Summary: We are prone to reduce tensions by choosing not to live in diversity. But the Gospel calls us to embrace diversity and yet to recognize that all sin, all are worthy, all need the Gospel. Our issue is our own insecurity, which Christ’s death can address.
Takoma Park Baptist Church February 21, 1988
All of us, it seems, have a tendency to choose comfort. All of us appear to prefer to choose a way to live that involves as little tension, as little discomfort as possible. I am not talking just about luxuries and material things; I am talking primarily about our relationships. We want to live with as little discomfort as possible where our neighbors, our friends, our family are concerned. And one way to do this is to avoid people who are different, avoid people who make demands on us. If you want to live in a settled, easy set of relationships, well then, make sure you are in a community where everybody is just about alike.
All across America, particularly in the great northeastern cities, but other places too, this has been done through ethnic neighborhoods. Go to Baltimore and you can still see it: Little Italy, Polish blocks, German quarters, even a street or two filled with Lumbee Indians. Ethnic neighborhoods have a great deal of value and they mean for many people a place to live in some degree of comfort, with your own kinds of folks who place little challenge on you. We choose comfortable relationships whenever we can.
Sometimes that pursuit of comfort takes on an ugly twist: white flight to the suburbs in pursuit of some notion of property values or just plain comfort. Or it becomes a ghetto neighborhood where any intruder is subjected to jeers and catcalls and hostile looks, because those who live there just do not want anybody different around. We seem to have a natural tendency to choose tension-free surroundings, to want to be with and live with folks we think are just like us.
But one of the fascinating things about the Christian Gospel is that it calls us to live in the tensions, not avoid them. It calls us to live in diversity, not to wipe it out. And in particular, in our multiracial world, with a long history of tension and exploitation and misunderstanding, there is the ringing declaration of the Apostle Paul, summoning us to go beyond what we think of as radical differences, "There is neither Jew nor Greek, there is neither slave nor free, there is neither male nor female, for you are all one in Christ Jesus."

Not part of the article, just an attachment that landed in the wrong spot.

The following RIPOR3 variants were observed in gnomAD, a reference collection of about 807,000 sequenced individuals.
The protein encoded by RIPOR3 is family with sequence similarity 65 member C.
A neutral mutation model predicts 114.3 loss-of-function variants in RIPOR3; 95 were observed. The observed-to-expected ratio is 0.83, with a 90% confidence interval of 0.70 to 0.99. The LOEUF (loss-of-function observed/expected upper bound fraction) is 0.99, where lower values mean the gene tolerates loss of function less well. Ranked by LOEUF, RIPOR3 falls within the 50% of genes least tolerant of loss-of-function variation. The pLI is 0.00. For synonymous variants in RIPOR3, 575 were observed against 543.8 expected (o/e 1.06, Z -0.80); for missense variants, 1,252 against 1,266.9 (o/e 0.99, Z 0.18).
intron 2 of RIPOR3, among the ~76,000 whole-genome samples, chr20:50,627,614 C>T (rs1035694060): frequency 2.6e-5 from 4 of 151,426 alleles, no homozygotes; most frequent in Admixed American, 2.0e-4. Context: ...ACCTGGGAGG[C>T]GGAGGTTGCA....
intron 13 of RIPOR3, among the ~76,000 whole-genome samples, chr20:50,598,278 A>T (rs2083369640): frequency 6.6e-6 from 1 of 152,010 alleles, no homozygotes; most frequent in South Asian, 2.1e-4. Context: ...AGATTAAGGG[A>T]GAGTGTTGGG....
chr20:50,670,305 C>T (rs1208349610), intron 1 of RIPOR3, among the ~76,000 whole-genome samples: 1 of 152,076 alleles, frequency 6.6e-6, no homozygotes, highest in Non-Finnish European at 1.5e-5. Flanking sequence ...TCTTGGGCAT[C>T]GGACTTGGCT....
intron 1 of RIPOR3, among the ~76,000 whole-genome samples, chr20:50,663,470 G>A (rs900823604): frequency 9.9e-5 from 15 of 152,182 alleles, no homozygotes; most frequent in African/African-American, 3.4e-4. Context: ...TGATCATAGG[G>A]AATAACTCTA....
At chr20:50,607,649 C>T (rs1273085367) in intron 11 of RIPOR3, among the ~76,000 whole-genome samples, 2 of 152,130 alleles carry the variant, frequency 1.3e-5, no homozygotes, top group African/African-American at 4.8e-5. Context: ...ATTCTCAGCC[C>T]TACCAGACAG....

If Paul were alive and writing today, would his declaration include a phrase, "There is neither black nor white"? If Paul were teaching in this hour, would he have celebrated a Black History Month, would he have struggled with racism, would he have tolerated our continuing discussions about music that is particular to black culture or to white culture or whatever or would he have in some measure dismissed it all with a wave of the hand, “There is neither black nor white?”
Well, yes and no. Yes, I believe that the great apostle, thinking as he was about the great walls that separated people in his own day, would say to us, "There is neither black nor white, for you are all one in Christ Jesus." He would want to deal at a radical level w with one of the great dividers of the 20th Century.
But I also suspect that the Apostle would not in saying that be simply dismissing our differences and papering them over. I rather suspect that he would be pointing us to some deeper realities and to some possibilities for living out the Gospel, the Gospel of reconciliation, than we have imagined.
Living the Gospel in black and white -- can it be done? What is it going to mean? And what do we do with the tensions it brings? Is it worth doing at all, to live the Gospel in black and white?
First, we need to realize that living the Gospel in black and white does not mean pretending to colorblindness. It does not mean pretending that there are no real differences. Living the Gospel in black and white and hearing the apostles’ declaration that there is neither Jew nor Greek, male nor female, bond nor free – that does not mean that we close our eyes to the fact that in the world of here and now there are those realities.
Let’s remember that Paul was not trying to pretend that there was no such thing as a Jew, no such thing as a Greek. He knew well those cultures. He spoke of himself as a son of Israel, of the tribe of Benjamin, able to call upon his heritage and his culture. He knew that there were genuine differences in race and culture.
And obviously he knew that there really are differences between men and women, even though, as it seems, he was not married. Someone asked me in prayer meeting if there was Mrs. Paul; about all I could think of was that she is the one who makes fish sticks, I think! Well, Paul clearly knew that men and women are different biologically, emotionally, and as the French are wont to say, “Vive la difference!”